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High energy X-rays reveal the resistance of steel to embrittlement

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Impact stories

Published Sep 14, 2020

The high energy X-rays at the Swedish Material Science beamline make it possible to see what’s happening within steels, in real-time, also in environments that mimic how the steel is used. This enabled researchers from KTH and Sandvik Materials Technology to find out why steels from Sandvik are more resistant to hydrogen embrittlement than other steels.

Swedish steel companies use know-how to develop and offer specialist steels for safe and lasting use in challenging environments.

The challenge in offshore environments is exposure to hydrogen, which makes steels brittle – a problem identified as long ago as 1875.

Researchers have since worked to develop steels that are more resistant to hydrogen embrittlement. Such resistance to embrittlement was therefore a key aspect of one special steel that Sandvik developed and now sells worldwide – with users recognising that this Sandvik steel is longer-lasting than competitors’ steels when used offshore.

However, researchers couldn’t fully explain why Sandvik steels perform better – it just wasn’t possible to understand the details of hydrogen-microstructure interaction that leads to embrittlement with laboratory research techniques.

The explanation emerged in one of the first uses of the Swedish Material Science beamline in 2019. At the Swedish Material Science beamline, high energy X-rays can penetrate steels, enabling researchers to map the hydrogen-induced changes in structure within the steels – and how those structural changes vary with time – in environments that mimic how the steel is used.

Researchers in beamline in PETRAII
High energy X-ray diffraction measurement of duplex stainless steel at PETRAII in DESY, Hamburg.

Researchers from KTH and Sandvik Materials Technology, therefore, exposed the steel samples to hydrogen and placed these steels under stress – and studied how hydrogen rapidly moves within and interacts with the steel, as well as how the steel’s internal structure evolves.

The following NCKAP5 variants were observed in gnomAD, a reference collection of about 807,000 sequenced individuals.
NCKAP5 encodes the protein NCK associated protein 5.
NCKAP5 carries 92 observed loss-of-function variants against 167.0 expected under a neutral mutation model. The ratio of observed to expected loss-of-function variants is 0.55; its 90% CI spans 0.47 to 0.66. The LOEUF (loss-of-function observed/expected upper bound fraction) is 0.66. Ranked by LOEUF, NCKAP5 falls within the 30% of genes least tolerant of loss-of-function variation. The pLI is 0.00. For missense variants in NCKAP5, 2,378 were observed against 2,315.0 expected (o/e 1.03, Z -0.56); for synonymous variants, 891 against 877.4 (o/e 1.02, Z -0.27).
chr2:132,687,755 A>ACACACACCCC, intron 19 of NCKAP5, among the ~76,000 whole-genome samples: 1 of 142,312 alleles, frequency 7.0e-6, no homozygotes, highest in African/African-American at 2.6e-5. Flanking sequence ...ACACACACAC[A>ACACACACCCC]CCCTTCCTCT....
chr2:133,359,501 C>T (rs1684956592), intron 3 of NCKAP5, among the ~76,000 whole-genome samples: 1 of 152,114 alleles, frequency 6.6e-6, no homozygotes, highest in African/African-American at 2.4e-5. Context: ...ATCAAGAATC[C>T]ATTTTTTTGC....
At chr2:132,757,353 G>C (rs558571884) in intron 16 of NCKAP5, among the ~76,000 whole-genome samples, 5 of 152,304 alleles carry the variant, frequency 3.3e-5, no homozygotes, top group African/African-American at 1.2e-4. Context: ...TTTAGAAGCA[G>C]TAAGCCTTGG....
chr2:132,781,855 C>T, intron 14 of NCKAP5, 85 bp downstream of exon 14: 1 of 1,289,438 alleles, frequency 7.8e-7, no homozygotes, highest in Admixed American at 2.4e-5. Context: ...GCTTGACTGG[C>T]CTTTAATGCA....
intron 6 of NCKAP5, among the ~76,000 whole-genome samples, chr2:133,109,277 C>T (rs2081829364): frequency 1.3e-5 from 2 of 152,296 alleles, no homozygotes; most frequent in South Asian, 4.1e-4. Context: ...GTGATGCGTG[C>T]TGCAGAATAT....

Duplex stainless steel and other duplex steels from Sandvik comprise two phases: the body-centered-cubic (bcc) phase and the face-centered-cubic (fcc) phase. There are very many grains of these fcc and bcc phases distributed in a complex pattern within the steels. The synchrotron measurement results show that hydrogen can quickly enter the duplex stainless steel – but cause different changes in the two phases.

The results also provided new knowledge: hydrogen causes more deformation of the fcc phase, which can dissolve more hydrogen than the bcc phase, although hydrogen diffuses much faster through the bcc phase.

The fact that these phases interact so differently with hydrogen is important: the boundary regions between the fcc and bcc phases accommodate more hydrogen and withstand more internal stress. The coordinated response of the two phases, like load sharing, hinders the initiation of micro-cracks, thus providing high resistance against embrittlement.

The experiments at the Swedish Material Science beamline were the first time that these hydrogen-microstructure interactions were observed in real-time.

The experimental results also showed that the duplex stainless steel with finer microstructure is less sensitive to hydrogen embrittlement. The fine microstructure size is important: the phase boundary area within the steel, and hence the beneficial effect of hindering crack initiation, increases significantly with decreasing phase area size.

Accordingly, with their finer microstructure, Sandvik seamless tubes are significantly more resistant to embrittlement than steels with a coarser microstructure.

Sandvik can use this information in technical sales, as well as future R&D. Researchers are now able to explain the phenomenon of hydrogen embrittlement of duplex stainless steels scientifically. This case illustrates how advancing scientific knowledge, solving old problems and supporting industry, can go hand in hand.

Experimental setup of the real-time diffraction measurement.
Experimental setup of the real-time diffraction measurement.